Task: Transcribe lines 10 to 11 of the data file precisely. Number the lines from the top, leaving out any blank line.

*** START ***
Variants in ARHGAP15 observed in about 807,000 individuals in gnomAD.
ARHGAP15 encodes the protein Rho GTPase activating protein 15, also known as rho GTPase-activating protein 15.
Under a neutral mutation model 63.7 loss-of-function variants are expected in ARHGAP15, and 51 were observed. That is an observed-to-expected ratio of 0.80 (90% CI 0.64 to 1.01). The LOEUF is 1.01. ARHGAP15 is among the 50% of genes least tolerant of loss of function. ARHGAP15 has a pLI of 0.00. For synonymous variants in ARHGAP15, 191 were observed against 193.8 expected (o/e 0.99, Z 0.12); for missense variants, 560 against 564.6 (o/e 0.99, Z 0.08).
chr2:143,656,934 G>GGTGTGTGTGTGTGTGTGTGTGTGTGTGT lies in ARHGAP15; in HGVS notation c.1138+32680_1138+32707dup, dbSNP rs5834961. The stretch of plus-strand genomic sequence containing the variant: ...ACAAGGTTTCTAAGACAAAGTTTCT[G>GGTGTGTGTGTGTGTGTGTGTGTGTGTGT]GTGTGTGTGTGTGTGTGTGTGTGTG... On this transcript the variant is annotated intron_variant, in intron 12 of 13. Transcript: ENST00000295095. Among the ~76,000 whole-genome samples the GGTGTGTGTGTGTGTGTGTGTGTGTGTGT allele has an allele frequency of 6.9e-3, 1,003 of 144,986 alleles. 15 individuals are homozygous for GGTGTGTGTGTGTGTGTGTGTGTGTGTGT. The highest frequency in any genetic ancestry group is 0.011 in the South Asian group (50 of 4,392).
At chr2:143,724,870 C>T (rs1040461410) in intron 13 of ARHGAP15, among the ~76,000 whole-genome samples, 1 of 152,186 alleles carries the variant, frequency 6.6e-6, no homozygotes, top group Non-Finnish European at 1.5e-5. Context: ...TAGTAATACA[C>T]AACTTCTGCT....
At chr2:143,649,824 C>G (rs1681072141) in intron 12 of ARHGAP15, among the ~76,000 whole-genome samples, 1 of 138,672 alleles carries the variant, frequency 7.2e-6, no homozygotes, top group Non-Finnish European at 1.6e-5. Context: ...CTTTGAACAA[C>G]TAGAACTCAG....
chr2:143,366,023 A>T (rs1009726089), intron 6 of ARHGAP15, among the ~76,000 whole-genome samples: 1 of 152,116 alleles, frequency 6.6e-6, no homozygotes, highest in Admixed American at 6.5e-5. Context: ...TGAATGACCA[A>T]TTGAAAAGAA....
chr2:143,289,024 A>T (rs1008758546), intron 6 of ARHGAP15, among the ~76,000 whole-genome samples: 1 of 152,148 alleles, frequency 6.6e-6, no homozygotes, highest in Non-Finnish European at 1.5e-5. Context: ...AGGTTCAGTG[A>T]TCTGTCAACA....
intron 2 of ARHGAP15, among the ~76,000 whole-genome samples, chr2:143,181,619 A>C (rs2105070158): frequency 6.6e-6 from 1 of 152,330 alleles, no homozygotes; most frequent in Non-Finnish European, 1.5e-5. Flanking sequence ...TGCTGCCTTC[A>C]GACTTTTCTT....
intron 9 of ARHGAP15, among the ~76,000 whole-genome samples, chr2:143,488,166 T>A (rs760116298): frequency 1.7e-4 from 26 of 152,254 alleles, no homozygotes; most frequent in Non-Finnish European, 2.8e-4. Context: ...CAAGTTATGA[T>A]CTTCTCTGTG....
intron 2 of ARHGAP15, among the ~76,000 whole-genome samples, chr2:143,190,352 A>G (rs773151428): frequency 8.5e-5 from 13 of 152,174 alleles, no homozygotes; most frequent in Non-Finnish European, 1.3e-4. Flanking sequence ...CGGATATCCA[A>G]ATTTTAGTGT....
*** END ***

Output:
intron 9 of ARHGAP15, among the ~76,000 whole-genome samples, chr2:143,488,166 T>A (rs760116298): frequency 1.7e-4 from 26 of 152,254 alleles, no homozygotes; most frequent in Non-Finnish European, 2.8e-4. Context: ...CAAGTTATGA[T>A]CTTCTCTGTG....
intron 2 of ARHGAP15, among the ~76,000 whole-genome samples, chr2:143,190,352 A>G (rs773151428): frequency 8.5e-5 from 13 of 152,174 alleles, no homozygotes; most frequent in Non-Finnish European, 1.3e-4. Flanking sequence ...CGGATATCCA[A>G]ATTTTAGTGT....